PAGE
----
This is the story of a man and his young protegé who altered the course of history in 1961, even though the world knew almost nothing about them. The younger man’s great achievement, celebrated to this day, took him less than two hours to complete, yet required his courage and commitment over a period of years. A happy and triumphant superstar at the age of 27, his toughest challenge was to recover his sanity and self-respect in the glare of the global fame that came afterwards. Meanwhile, his protector and boss, Russia’s greatest rocket genius, was forced into the shadows of obscurity by the State authorities.
In 1938 Russian aircraft engineer Sergei Povlovich Korolev was developing simple rockets at an army laboratory in St. Petersburg when he fell victim to Stalin’s terror purge. He was beaten, then imprisoned in a freezing Siberian labour camp. Three years later, on the verge of death, he was ordered to Moscow. Hitler’s armies had invaded andStalin suddenly needed engineers. In 1945 Korolev was sent into the German heartland, where he found to his dismay that Wernher von Braun’s V2 rocket bomb had already outstripped his wildest ambitions.

But by 1957 Korolev had created ‘Raketa-7,’ the first intercontinental ballistic missile. It was designed to drop nuclear bombs onto America, but Korolev knew it could also reach into space. On October 4, 1957 he launched Sputnik into orbit. A month later Sputnik II went up, carrying the dog Laika. Korolev then told the Red Army generals he could build a satellite to snoop on the West, but first he would have to enlist a pilot with excellent eyesight to look out of the satellite’s window and check on what the spy cameras might see. The generals believed him, and in October 1959 a squad of ‘cosmonauts’ was formed. From among that small cadre of hopeful candidates, Yuri Alexeyevich Gagarin was selected to become the world’s first human space voyager. The consequences of his successful flight are still being felt today.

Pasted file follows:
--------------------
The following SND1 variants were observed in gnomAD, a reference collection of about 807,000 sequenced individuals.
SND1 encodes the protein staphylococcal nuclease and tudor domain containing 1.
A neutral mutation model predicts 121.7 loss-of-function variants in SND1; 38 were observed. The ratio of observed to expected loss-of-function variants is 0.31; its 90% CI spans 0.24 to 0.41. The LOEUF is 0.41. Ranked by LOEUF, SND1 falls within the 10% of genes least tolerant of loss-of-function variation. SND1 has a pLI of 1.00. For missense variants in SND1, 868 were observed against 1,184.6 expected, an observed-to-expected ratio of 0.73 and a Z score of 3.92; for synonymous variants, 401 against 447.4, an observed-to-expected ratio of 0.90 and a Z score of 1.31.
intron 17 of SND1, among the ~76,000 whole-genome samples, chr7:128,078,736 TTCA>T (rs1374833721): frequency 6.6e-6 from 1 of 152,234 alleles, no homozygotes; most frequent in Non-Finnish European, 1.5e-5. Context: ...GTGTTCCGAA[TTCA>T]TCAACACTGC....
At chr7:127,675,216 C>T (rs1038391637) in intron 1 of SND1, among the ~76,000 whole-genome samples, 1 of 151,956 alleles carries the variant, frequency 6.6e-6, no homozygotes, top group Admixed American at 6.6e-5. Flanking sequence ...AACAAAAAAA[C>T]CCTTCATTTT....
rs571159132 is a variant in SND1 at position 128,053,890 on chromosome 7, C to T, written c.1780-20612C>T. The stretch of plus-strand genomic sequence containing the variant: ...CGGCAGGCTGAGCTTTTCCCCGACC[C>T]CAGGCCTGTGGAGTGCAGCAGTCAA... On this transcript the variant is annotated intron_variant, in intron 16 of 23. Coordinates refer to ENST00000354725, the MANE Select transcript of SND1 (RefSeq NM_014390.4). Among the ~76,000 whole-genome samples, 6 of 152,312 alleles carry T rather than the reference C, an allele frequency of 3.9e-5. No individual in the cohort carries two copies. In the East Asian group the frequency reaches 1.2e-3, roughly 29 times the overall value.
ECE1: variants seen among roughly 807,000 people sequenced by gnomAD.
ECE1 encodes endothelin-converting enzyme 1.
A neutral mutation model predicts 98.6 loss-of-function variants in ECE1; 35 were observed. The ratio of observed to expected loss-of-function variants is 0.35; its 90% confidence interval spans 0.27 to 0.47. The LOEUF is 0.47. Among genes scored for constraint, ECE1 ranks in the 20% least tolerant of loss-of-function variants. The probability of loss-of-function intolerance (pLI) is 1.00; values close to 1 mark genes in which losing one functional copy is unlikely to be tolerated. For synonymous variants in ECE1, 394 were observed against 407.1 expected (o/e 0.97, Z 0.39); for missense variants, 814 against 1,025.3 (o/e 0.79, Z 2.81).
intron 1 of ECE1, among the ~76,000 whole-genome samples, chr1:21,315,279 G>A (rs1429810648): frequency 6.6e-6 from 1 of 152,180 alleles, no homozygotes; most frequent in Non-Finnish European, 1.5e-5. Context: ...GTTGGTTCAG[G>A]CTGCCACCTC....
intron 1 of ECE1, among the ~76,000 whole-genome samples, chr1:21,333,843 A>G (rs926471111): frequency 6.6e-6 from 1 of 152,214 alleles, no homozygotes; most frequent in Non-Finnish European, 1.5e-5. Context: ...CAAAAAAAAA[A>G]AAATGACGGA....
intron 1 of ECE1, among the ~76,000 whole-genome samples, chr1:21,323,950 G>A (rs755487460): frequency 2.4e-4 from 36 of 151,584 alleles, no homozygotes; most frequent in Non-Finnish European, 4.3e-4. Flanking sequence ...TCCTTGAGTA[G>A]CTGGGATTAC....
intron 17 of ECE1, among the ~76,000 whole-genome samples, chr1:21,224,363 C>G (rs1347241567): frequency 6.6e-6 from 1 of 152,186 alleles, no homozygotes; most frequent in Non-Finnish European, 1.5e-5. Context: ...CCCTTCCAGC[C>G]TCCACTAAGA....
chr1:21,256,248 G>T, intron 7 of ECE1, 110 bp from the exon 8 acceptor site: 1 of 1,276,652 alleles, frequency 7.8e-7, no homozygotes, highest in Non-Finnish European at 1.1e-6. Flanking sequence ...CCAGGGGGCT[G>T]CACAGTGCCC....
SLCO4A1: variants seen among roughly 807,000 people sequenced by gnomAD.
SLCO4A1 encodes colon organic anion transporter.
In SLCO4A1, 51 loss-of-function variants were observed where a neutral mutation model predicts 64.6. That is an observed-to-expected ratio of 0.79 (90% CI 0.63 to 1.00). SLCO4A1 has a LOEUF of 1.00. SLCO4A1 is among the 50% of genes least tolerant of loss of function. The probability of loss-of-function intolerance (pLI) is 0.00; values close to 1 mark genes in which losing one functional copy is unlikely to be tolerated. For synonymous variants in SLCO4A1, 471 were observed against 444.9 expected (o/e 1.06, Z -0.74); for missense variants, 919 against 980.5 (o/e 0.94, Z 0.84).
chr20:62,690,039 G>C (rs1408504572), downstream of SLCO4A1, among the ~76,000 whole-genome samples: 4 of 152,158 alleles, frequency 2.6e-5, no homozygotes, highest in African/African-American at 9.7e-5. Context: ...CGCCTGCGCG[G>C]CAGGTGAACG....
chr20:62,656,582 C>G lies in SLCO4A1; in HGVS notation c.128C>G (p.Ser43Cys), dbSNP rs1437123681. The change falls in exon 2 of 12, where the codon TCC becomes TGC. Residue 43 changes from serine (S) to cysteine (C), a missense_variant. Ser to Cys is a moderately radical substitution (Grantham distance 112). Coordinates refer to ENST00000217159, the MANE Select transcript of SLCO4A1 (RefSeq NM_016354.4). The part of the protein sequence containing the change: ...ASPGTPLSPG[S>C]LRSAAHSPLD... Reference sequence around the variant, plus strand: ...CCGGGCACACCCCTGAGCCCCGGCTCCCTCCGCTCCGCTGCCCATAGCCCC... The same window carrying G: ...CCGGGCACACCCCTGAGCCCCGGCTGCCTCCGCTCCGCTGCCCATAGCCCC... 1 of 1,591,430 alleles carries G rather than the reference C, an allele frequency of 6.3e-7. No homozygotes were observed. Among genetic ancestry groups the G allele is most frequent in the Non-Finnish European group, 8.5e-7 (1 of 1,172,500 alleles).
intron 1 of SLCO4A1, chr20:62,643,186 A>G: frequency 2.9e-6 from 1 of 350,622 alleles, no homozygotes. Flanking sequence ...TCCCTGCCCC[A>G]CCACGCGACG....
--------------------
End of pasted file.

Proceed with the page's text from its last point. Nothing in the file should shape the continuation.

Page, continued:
In the wake of Gagarin’s triumph—and almost exclusively because of it—America felt compelled to bid for the moon. Korolev’s strength of personality enabled him to bend the clumsy Soviet industrial system to his own ends. The moon was his dream, too. Only in recent years has it become clear just how hard he (and other elements within the sprawling Russian rocket sector) really did try to beat Apollo to that famous lunar touchdown.

On January 14, 1966 Korolev died at the age of 59 during what should have been a routine stomach operation. He had designed Soyuz, Russia’s workhorse capsule which is still in use today. He had also embarked on a giant lunar booster, the N-1. After 1966 his legacy was in the hands of weaker administrators. Who knows what might have happened if he had lived a few more years? As for Gagarin: had he lived a little longer, he would have become, to our generation, so much more than merely a famous name repeated in history classes.

Yuri’s Day illustrates a merging of incredible events in glorious comic style…

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